Updated 11:06 a.m.
Oklahoma's state schools superintendent says a 4 percent cut in the Department of Education's budget would reduce funding for the state's public schools by $100 million next year.
Superintendent Joy Hofmeister outlined her agency's budget request Wednesday for members of the Senate Committee on Appropriations. Lawmakers must deal with a budget shortfall of $611 million as they work to craft a budget for state government for the fiscal year that begins July 1.
Hofmeister says state appropriations have not kept up with the growth in the state's student population in recent years. Hofmeister also says the state faces a chronic teacher shortage because salaries have not kept up with other states.
Hofmeister has proposed increasing teacher pay by $5,000 and adding five days of instruction over five years.
Oklahoma lawmakers are preparing for budget requests from two of the largest agencies in state government.
State Superintendent of Schools Joy Hofmeister and Nico Gomez, head of the Oklahoma Health Care Authority, will make separate budget proposals Wednesday to members of the Senate Committee on Appropriations.
The Department of Education is requesting an appropriation of almost $2.1 billion for the fiscal year that begins July 1, a $205 million increase from the current year's funding.
Legislation to boost teacher salaries and pump hundreds of millions of dollars into classrooms over the next decade has already died in the state Legislature. OSDE officials told eCapitol's Christie Southern they the think the bill still has a chance this session.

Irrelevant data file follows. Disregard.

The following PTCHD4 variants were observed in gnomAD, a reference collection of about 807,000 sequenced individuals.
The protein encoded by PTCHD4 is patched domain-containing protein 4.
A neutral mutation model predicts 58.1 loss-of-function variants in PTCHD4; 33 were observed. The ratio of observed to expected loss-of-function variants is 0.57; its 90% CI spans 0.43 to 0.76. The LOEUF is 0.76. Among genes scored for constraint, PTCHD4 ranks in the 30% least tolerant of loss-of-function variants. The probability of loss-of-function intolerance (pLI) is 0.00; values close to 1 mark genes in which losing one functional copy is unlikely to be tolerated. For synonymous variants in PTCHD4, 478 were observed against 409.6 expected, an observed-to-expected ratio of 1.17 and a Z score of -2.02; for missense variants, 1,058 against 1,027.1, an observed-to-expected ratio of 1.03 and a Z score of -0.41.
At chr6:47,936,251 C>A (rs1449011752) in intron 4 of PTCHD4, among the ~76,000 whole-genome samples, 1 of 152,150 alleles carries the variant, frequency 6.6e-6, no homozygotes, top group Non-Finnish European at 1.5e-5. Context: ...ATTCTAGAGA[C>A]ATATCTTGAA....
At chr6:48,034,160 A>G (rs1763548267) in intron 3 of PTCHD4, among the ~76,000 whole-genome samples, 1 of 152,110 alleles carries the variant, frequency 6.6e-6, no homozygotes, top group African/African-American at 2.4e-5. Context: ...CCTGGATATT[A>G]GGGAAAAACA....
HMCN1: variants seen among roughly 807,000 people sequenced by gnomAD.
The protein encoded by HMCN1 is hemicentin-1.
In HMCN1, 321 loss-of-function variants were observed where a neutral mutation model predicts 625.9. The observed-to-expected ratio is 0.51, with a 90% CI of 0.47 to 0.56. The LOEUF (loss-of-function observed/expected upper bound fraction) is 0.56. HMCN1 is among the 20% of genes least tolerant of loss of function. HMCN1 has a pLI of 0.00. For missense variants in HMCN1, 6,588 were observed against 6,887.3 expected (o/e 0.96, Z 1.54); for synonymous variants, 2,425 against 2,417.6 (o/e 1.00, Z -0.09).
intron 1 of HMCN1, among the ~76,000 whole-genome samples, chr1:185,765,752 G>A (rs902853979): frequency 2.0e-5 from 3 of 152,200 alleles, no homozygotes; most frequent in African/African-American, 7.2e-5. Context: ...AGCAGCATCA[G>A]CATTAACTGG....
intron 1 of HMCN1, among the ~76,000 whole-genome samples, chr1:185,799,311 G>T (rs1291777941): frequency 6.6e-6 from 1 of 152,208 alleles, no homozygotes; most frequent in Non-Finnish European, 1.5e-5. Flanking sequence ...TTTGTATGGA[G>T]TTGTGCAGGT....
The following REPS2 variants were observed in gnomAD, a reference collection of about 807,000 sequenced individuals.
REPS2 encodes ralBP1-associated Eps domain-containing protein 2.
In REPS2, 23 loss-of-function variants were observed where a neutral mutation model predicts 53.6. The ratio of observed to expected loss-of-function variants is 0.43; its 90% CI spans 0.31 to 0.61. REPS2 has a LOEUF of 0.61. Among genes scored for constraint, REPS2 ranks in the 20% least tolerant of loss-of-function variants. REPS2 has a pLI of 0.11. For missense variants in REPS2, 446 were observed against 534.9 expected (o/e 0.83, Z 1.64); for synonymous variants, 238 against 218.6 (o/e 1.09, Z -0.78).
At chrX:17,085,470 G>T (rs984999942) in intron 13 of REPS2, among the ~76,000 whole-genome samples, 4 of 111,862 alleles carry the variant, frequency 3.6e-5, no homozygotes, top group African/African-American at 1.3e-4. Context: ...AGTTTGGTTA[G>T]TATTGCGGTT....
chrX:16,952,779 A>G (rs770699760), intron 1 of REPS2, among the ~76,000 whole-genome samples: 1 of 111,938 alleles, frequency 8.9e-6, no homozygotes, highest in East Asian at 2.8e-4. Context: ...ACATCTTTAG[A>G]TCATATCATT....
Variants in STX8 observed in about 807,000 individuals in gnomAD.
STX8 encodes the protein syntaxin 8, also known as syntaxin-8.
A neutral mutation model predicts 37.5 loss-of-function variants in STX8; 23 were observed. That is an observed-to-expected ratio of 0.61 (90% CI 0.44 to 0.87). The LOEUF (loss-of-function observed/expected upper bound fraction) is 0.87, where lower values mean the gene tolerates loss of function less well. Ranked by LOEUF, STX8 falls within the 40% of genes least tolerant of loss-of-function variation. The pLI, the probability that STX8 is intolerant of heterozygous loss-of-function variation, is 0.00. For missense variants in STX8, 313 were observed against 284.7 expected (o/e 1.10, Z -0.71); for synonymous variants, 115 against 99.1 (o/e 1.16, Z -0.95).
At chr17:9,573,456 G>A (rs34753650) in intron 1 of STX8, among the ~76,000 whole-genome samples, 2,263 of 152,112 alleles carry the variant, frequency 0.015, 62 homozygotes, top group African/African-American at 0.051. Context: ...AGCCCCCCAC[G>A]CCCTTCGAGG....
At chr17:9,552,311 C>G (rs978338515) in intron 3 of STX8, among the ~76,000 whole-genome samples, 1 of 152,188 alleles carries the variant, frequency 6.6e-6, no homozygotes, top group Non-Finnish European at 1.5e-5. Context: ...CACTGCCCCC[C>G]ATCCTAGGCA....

"We don't believe that proposal itself or that plan is dead," said Phil Bacharach, director of communications for the department. "We remain optimistic and continue to push with the Legislature at the need for a teacher pay raise bill that would also raise days of instruction to get to the national average."
Others are not so optimistic.
Sen. Ron Sharp, vice chair of the Senate Education committee, told eCapitol Monday the more likely scenario is OSDE takes a budget cut.
"If common education can just take a 2 percent cut they'd be very lucky," he said. "I hope that's all it's going to be but right now it's more likely they'll take a 6 percent cut."
Sharp said the House is looking at using carryover funds and Rainy Day Funds and perhaps something could be done but it is unlikely. As to whether Gov. Mary Fallin is on board with that, remains to be seen, he noted.
"It's still so early in the process," Bacharach said. "Discussions continue with the leadership and governor's office certainly making the case for the importance of addressing the teacher shortage. What ultimately transpires, we don't know, it's still so early in the process."
"Certainly she (Hofmeister) understands and recognizes the significant shortfall the state faces this year, she's not unaware of the dire fiscal situation but by the same token there are ways to address the shortfall and look to doing something for teachers."
The Health Care Authority, Oklahoma's Medicaid provider, is seeking a budget of more than $900 million.
Lawmakers are working to overcome a $611 million budget shortfall for the upcoming year.
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